Preparing a future EU strategy on energy sector integration

The European Green Deal aims to make Europe the first climate-neutral continent by 2050. As energy production and use account for more than 75% of the EU’s greenhouse gas emissions. To date, Europe has made significant progress in decarbonising its electricity production. But progress has been slower in other sectors and for other forms of energy (gas, liquid fuels, heat), and fossil fuels remain predominantly used in transport, industry, buildings and agriculture.

In order to meet our climate objectives, while also guaranteeing secure and affordable energy for consumers, we need to better link up our energy system and exploit the synergies enabled by an integrated energy system.

First, there are opportunities to increase the use of (renewable and low-carbon) electricity via electrification of sectors that currently still rely on fossil fuels. Examples are the use of electric vehicles in transport, or of heat pumps for heating buildings.

Second, fossil-based gases and fuels can be replaced by renewable and decarbonised gases and fuels, especially in hard-to-decarbonise sectors such as air transport or certain industrial processes. Hydrogen produced from renewable electricity will play a key role in this context, together with the replacement of natural gas by biomethane produced from agricultural wastes, achieving thus a progressive decarbonisation of the gas sector. Such a process will require supportive market rules.

Third, our energy sector can become more “circular” and make full use of the energy efficiency first principle. This is not only about reducing our consumption, but also about the overall efficiency of our energy system. An example is the use of industrial waste heat or waste heat from data centres to heat buildings, for instance through a district heating network.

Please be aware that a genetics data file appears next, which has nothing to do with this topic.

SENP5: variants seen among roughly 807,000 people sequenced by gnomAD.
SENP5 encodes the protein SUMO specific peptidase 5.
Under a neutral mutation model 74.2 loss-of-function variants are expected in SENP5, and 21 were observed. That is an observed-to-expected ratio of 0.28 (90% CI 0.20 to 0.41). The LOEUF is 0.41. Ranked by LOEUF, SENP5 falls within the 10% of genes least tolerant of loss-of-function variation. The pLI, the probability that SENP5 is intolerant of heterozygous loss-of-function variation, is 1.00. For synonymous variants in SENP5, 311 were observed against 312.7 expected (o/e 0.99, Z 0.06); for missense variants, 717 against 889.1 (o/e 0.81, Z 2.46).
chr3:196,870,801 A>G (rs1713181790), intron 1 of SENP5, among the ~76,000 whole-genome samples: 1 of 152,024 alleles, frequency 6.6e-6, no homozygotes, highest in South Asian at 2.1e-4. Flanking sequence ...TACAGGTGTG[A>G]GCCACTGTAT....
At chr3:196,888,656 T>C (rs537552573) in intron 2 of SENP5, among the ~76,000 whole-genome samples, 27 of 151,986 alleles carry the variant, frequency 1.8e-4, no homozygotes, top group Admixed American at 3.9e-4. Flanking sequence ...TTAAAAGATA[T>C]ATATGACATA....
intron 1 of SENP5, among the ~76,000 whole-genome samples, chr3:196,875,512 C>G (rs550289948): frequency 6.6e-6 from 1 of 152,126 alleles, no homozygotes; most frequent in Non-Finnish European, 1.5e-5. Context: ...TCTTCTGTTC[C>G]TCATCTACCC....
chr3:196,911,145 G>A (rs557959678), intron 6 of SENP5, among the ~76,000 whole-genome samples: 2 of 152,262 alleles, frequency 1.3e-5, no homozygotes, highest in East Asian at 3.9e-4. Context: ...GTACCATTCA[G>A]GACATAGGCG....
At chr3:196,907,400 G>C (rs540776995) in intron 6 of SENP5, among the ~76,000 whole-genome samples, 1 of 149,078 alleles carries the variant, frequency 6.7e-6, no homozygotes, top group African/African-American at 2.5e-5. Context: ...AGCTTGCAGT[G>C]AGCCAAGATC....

Several barriers still prevent this potential from fully materialising and allowing citizens and industry to embrace cleaner energy alternatives. The objective of this initiative is to strengthen the necessary links across different sectors in our energy system, and to use every opportunity to reduce emissions. This integration of our energy system is necessary if we want to achieve a deep but also cost-effective decarbonisation of our economies. It will build a more decentralised and digital energy system, in which consumers are empowered to make their energy choices.

As announced in the Commission Work Programme for 2020, the Commission will present a strategy for smart sector integration for a future integrated European energy system by June 2020.

In preparation of this strategy, the Commission is seeking input from all stakeholders and EU citizens.

You can participate in various ways.

Online contributions: All stakeholders and citizens are invited to provide feedback on the ‘roadmap’ for the development of the strategy, through the Commission’s ‘Have Your Say’ website, which will be published in the coming days. This online option will run for 4 weeks.
Direct contributions: All stakeholders and citizens are also invited to send contributions directly via e-mail to by 15 May to contribute to the elaboration on the strategy. You may find it relevant to address the following questions to guide your contribution:
What would be the main features of a truly integrated energy system to enable a climate neutral future? Where do you see benefits or synergies? Where do you see the biggest energy efficiency and cost-efficiency potential through system integration?
What are the main barriers to energy system integration that would require to be addressed in your view?
More specifically:
How could electricity drive increased decarbonisation in other sectors? In which other sectors do you see a key role for electricity use? What role should electrification play in the integrated energy system?
What role should renewable gases play in the integrated energy system?
What measures should be taken to promote decarbonised gases?
What role should hydrogen play and how its development and deployment could be supported by the EU?
How could circular economy and the use of waste heat and other waste resources play a greater role in the integrated energy system? What concrete actions would you suggest to achieve this?
How can energy markets contribute to a more integrated energy system?
How can cost-efficient use and development of energy infrastructure and digitalisation enable an integration of the energy system?
Are there any best practices or concrete projects for an integrated energy system you would like to highlight?
What policy actions and legislative measures could the Commission take to foster an integration of the energy system?
Unfortunately, the consultation event foreseen for 3 April 2020 had to be cancelled because of the Covid-19 restrictions.

Please read through the privacy statement for this consultation regarding the collection and use of your personal data.

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